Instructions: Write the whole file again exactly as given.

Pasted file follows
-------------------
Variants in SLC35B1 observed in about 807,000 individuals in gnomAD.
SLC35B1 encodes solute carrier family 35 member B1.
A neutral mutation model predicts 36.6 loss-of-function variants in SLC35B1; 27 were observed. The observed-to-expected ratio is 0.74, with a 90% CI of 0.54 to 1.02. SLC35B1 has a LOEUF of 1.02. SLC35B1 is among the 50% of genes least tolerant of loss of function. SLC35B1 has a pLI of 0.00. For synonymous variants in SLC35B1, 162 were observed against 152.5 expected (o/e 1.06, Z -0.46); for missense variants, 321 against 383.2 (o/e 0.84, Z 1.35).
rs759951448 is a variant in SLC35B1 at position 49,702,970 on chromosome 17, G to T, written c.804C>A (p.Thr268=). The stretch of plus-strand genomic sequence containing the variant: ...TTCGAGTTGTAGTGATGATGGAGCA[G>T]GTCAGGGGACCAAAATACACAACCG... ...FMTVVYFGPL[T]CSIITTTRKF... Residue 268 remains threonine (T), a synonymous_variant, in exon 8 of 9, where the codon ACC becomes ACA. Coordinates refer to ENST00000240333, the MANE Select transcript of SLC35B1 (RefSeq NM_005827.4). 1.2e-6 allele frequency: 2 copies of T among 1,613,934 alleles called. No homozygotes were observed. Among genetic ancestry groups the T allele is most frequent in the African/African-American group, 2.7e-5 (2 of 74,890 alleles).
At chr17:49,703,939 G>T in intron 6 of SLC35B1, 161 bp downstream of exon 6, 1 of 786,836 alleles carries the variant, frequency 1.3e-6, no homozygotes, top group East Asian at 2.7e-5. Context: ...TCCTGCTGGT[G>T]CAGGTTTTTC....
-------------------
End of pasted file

Variants in SLC35B1 observed in about 807,000 individuals in gnomAD.
SLC35B1 encodes solute carrier family 35 member B1.
A neutral mutation model predicts 36.6 loss-of-function variants in SLC35B1; 27 were observed. The observed-to-expected ratio is 0.74, with a 90% CI of 0.54 to 1.02. SLC35B1 has a LOEUF of 1.02. SLC35B1 is among the 50% of genes least tolerant of loss of function. SLC35B1 has a pLI of 0.00. For synonymous variants in SLC35B1, 162 were observed against 152.5 expected (o/e 1.06, Z -0.46); for missense variants, 321 against 383.2 (o/e 0.84, Z 1.35).
rs759951448 is a variant in SLC35B1 at position 49,702,970 on chromosome 17, G to T, written c.804C>A (p.Thr268=). The stretch of plus-strand genomic sequence containing the variant: ...TTCGAGTTGTAGTGATGATGGAGCA[G>T]GTCAGGGGACCAAAATACACAACCG... ...FMTVVYFGPL[T]CSIITTTRKF... Residue 268 remains threonine (T), a synonymous_variant, in exon 8 of 9, where the codon ACC becomes ACA. Coordinates refer to ENST00000240333, the MANE Select transcript of SLC35B1 (RefSeq NM_005827.4). 1.2e-6 allele frequency: 2 copies of T among 1,613,934 alleles called. No homozygotes were observed. Among genetic ancestry groups the T allele is most frequent in the African/African-American group, 2.7e-5 (2 of 74,890 alleles).
At chr17:49,703,939 G>T in intron 6 of SLC35B1, 161 bp downstream of exon 6, 1 of 786,836 alleles carries the variant, frequency 1.3e-6, no homozygotes, top group East Asian at 2.7e-5. Context: ...TCCTGCTGGT[G>T]CAGGTTTTTC....